I was curious about how much bigger a 3.3 GHz cloverleaf antenna would be, compared to a 5.8 GHz antenna, to see if it was a viable alternative for FPV downlinks on 250 class mini quad.
So, I converted a broken 5.8 GHz Aomway to 3.3 GHz, as half the work was already done! 🙂
Side by side, and you can see the relative size difference.
The Aomway antennas have become my favorite, as they work well, are robust, and are attractively priced.
Previous return loss sweeps have demonstrated they are often better tuned than the hideously expensive Fatshark SpiroNets.
The 3-leaf cloverleaf was constructed from 1.7mm diameter ECW (enamelled copper wire), as I already had some of this on hand.
This is probably an overkill, as the largest ECW you can get from the likes of Jaycar and Altronics is 1.2mm Ø.
Incidentally, the 5.8 GHz Aomway uses 1.0mm Ø wire.
An on-line cloverleaf calculator was used to determine the physical length of the full-wave loop, and I deliberately made them 2mm longer. For tweaking purposes, it’s easier to shorten something than make it longer.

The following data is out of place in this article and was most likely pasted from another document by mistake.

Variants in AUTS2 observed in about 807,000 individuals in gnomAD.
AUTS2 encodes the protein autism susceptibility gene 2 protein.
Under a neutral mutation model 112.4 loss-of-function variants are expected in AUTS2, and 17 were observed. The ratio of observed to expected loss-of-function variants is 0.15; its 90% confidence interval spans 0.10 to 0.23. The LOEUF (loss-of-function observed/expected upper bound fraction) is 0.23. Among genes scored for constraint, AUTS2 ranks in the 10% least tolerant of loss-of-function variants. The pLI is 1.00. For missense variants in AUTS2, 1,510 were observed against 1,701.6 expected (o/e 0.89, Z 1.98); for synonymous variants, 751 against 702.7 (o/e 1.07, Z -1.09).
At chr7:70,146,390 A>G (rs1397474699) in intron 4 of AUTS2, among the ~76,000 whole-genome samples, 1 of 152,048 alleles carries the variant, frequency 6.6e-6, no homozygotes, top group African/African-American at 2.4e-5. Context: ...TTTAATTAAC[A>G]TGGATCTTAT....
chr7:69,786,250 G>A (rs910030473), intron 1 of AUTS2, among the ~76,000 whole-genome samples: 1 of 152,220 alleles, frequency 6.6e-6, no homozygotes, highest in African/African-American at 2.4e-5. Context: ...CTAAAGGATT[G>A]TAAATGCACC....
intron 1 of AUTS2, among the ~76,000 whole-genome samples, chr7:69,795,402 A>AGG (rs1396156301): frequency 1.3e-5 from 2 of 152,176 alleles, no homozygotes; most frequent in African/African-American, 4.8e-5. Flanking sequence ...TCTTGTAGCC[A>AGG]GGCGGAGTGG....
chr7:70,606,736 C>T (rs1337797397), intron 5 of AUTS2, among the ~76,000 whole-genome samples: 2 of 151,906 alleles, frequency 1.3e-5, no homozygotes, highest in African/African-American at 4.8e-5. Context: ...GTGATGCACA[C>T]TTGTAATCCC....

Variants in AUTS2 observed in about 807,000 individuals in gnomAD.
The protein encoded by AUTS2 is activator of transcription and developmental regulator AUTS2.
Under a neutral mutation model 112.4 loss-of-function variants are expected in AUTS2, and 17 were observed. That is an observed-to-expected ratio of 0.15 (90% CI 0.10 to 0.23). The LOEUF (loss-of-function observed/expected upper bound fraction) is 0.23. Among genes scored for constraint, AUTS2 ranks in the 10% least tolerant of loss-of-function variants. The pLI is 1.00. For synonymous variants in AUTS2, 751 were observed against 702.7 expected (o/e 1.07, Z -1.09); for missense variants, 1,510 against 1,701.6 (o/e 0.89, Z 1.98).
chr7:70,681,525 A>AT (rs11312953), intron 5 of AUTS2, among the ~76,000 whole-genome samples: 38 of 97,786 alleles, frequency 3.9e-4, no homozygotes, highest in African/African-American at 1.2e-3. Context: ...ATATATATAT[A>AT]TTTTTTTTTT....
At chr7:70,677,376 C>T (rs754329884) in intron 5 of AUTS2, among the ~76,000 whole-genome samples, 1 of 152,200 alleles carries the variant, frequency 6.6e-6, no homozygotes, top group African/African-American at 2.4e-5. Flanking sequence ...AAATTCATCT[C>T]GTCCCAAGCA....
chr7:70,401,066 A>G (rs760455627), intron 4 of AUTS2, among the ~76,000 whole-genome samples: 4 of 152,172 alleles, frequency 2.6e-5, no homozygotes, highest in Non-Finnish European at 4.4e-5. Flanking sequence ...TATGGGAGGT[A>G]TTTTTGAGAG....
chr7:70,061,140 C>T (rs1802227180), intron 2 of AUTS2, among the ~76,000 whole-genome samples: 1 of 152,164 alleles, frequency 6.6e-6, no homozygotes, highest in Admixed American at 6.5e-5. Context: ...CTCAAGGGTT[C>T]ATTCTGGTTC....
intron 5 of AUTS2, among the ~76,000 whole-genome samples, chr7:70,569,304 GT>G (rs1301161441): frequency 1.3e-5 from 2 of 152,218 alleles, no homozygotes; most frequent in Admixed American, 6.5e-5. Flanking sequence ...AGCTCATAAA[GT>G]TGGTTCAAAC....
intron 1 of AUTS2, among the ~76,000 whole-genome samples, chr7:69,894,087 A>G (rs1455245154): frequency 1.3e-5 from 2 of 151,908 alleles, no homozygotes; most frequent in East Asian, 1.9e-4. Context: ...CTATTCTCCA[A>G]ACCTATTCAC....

Next task was to sweep the 3.3 GHz antenna on a network analyzer to verify calculated dimensions were in the ball park.
You can see the business end, where the cloverleaf is set up for return loss measurements using a SynthNV (sweeps up to 4.4 GHz) and a Krytar 2-18 GHz directional coupler.
I swept it between 3.1 – 3.6 GHz, and was pleasantly greeted with a dip at 3.330 GHz which corresponds to ‘channel 1’.
Return Loss sweep results:
Not bad, as I was aiming for 3350 MHz before adding the extra 2mm on each loop.
I now have faith in the on-line calculator.
Not surprising, being larger and using heavier ECW.
As 3.3 GHz is not an LIPD band (where 2.4 and 5.8 GHz are), most countries will probably require a user to be suitably licensed.
In Australia, any amateur radio operator holding a valid ‘Advanced’ level license can use 3.3 GHz -for non commercial use- and the WIA band plan already accommodates wide-band use between 3.3 – 3.4 GHz.